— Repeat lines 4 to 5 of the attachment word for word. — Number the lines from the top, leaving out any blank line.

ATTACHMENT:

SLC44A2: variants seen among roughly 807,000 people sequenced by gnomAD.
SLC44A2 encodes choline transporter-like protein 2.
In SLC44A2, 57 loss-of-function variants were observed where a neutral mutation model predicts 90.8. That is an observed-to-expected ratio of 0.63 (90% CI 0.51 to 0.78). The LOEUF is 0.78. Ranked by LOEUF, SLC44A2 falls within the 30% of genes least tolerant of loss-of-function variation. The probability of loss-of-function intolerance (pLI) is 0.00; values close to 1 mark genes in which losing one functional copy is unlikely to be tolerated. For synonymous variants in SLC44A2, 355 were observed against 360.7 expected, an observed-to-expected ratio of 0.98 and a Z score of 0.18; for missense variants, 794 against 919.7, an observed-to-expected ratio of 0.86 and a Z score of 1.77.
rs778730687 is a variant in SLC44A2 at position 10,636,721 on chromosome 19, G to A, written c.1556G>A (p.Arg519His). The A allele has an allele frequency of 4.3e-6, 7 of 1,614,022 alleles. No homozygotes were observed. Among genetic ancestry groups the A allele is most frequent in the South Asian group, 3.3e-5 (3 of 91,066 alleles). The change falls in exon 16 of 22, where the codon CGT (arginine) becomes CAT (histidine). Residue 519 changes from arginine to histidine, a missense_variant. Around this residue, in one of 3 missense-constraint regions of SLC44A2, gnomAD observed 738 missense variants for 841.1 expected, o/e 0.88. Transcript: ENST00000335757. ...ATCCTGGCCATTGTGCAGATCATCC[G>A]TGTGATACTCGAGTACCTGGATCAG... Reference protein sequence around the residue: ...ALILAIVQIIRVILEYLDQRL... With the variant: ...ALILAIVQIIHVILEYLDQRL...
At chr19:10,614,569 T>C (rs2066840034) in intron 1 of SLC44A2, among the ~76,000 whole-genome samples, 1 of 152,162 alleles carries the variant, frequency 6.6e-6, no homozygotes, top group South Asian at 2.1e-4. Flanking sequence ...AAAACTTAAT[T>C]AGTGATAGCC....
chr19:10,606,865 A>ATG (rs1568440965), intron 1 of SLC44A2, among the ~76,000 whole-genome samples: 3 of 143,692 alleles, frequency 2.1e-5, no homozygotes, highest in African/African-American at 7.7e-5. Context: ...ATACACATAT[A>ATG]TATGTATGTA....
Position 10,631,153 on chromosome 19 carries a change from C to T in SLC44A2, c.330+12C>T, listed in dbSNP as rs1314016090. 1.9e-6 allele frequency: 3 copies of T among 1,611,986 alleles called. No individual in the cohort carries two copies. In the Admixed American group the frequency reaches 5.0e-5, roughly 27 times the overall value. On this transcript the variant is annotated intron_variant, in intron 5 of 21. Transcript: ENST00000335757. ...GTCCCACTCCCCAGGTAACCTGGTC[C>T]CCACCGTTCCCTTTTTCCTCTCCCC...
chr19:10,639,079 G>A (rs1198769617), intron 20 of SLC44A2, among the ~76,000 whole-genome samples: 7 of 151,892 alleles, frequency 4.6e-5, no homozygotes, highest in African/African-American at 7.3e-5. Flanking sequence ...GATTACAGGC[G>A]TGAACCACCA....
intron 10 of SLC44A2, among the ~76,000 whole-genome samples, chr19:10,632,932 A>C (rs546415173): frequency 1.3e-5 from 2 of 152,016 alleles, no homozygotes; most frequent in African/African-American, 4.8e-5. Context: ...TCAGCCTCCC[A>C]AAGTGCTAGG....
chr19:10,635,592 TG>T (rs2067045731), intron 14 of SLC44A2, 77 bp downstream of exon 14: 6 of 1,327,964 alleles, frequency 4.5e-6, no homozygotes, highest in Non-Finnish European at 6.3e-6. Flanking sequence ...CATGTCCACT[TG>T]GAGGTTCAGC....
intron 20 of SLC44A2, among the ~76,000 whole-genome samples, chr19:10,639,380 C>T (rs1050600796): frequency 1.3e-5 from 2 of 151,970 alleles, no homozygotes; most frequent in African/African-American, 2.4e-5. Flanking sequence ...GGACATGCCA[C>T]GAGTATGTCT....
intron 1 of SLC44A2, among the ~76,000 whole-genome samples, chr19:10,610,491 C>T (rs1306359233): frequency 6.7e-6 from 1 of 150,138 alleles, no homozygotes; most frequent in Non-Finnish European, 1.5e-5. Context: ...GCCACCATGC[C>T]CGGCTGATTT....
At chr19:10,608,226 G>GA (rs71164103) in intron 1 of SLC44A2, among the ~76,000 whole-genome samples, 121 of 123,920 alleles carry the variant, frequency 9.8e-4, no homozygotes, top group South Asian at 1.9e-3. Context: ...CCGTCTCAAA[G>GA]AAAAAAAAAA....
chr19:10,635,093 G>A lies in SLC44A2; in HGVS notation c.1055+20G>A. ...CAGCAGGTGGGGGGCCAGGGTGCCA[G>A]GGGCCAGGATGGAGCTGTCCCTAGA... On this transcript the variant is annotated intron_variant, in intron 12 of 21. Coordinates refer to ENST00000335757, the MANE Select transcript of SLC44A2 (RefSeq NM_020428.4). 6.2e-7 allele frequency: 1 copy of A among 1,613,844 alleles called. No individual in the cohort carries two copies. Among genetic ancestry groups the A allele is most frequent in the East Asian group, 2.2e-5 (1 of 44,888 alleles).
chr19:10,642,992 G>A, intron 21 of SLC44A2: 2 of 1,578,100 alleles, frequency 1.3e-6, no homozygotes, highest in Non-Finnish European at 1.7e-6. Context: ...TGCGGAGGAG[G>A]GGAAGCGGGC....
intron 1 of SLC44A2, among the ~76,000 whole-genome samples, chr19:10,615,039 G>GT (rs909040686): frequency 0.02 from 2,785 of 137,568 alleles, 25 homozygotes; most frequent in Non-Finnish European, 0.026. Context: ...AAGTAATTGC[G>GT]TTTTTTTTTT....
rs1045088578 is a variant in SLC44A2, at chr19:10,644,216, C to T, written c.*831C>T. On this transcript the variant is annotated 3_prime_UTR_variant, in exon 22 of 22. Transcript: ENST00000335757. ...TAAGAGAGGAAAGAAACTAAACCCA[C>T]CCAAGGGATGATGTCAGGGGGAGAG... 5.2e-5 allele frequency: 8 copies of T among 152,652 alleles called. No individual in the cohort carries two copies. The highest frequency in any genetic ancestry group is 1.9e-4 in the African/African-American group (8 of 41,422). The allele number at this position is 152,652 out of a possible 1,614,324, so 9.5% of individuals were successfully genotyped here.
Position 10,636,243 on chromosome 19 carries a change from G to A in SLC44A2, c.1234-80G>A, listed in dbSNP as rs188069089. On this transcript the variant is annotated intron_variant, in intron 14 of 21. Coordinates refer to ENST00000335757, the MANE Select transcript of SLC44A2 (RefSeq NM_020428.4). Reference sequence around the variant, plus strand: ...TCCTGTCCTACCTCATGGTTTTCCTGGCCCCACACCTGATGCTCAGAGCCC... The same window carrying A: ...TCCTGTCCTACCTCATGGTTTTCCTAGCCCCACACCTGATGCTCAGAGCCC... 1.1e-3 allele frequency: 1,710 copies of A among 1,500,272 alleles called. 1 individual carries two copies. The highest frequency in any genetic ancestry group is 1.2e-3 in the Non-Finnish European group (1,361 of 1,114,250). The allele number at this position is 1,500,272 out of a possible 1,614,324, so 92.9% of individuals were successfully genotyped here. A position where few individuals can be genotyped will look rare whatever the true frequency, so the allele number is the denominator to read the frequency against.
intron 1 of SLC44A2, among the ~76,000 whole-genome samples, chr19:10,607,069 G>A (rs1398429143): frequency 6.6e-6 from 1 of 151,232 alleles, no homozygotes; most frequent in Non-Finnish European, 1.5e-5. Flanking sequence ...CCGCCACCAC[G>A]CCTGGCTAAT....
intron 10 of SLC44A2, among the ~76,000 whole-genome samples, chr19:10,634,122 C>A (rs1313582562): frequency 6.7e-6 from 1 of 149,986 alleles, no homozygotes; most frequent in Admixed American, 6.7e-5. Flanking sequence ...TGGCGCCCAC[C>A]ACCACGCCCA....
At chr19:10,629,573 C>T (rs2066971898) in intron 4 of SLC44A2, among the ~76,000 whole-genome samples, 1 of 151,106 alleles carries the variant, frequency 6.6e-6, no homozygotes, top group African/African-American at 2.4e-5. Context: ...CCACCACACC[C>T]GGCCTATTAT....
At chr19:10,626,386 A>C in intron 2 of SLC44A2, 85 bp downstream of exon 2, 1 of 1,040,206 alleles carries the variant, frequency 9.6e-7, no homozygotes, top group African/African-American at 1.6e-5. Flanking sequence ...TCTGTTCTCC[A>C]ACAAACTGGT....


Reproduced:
rs778730687 is a variant in SLC44A2 at position 10,636,721 on chromosome 19, G to A, written c.1556G>A (p.Arg519His). The A allele has an allele frequency of 4.3e-6, 7 of 1,614,022 alleles. No homozygotes were observed. Among genetic ancestry groups the A allele is most frequent in the South Asian group, 3.3e-5 (3 of 91,066 alleles). The change falls in exon 16 of 22, where the codon CGT (arginine) becomes CAT (histidine). Residue 519 changes from arginine to histidine, a missense_variant. Around this residue, in one of 3 missense-constraint regions of SLC44A2, gnomAD observed 738 missense variants for 841.1 expected, o/e 0.88. Transcript: ENST00000335757. ...ATCCTGGCCATTGTGCAGATCATCC[G>A]TGTGATACTCGAGTACCTGGATCAG... Reference protein sequence around the residue: ...ALILAIVQIIRVILEYLDQRL... With the variant: ...ALILAIVQIIHVILEYLDQRL...
At chr19:10,614,569 T>C (rs2066840034) in intron 1 of SLC44A2, among the ~76,000 whole-genome samples, 1 of 152,162 alleles carries the variant, frequency 6.6e-6, no homozygotes, top group South Asian at 2.1e-4. Flanking sequence ...AAAACTTAAT[T>C]AGTGATAGCC....